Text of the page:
NAEA: ‘Sales remain high’

Politicians and banks must do more to sustain improvements in the housing market, Britain’s estate agents warn today, after activity stabilised in June.

The National Association of Estate Agents (NAEA) found that the average agent continued to make strong sales, despite having fewer properties available for sale resulting in slightly fewer people searching for a new home than in May. Agents also reported that buyers are increasingly prepared to pay what a seller asks for a property – after the difference between asking and selling prices shrank to just 1.9 per cent – down from a 6.3 per cent difference in June.

NAEA President Gary Smith said: “The housing market is in a far stronger position than it was 12 months ago. After several months of continuous improvement the market stabilised in June, ahead of an expected seasonal dip throughout the summer.

“The Government should scrap Home Information Packs and must pressure banks to ensure lending is available. We know that there is demand for property and that our professional agents are successfully finding buyers for their clients’ properties.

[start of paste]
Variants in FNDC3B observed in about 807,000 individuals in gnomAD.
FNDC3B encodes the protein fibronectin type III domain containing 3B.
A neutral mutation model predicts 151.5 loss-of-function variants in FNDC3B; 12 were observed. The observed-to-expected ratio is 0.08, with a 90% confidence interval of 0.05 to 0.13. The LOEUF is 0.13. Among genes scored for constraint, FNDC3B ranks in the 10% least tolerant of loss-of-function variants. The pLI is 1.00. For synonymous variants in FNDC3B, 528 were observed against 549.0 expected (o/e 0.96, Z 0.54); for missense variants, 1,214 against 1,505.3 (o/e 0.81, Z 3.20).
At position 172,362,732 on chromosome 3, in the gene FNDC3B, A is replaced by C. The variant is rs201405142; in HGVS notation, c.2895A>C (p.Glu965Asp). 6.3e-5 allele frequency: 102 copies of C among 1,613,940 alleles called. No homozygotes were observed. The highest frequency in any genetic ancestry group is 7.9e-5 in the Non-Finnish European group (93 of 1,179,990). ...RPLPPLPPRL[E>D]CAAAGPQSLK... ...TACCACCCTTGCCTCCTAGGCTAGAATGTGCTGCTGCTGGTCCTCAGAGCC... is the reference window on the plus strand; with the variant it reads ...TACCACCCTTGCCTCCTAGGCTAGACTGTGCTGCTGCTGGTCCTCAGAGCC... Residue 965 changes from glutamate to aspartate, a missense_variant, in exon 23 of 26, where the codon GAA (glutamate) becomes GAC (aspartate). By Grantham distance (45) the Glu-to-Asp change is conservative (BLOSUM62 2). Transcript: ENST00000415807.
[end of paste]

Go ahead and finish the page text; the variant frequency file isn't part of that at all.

“It is in the interests of the UK as a whole that the upturn in the housing market that has been noted in the first half of 2009 is sustained and nurtured into a full recovery. The Government must do more to ensure that money that has been given to banks finds its way through the system and into the housing market.”

The average estate agent had 290 house hunters registered in June, down from 299 in May. They had 64 properties for sale, down from 69 in May and a high of 100 in December 2008. However agents continued to make sales, with the average professional agent selling 10 homes in June for the third month in a row, double the amount sold during the worst of the market downturn in August 2008.

Last week an independent survey commissioned by the NAEA found that almost a quarter of people – 22.5 per cent – are unable to find a mortgage that they qualify for anywhere in the market, and 56 per cent of those polled believed that a combination of relaxed restrictions and lower deposit requirements would increase the chance of them buying a property.

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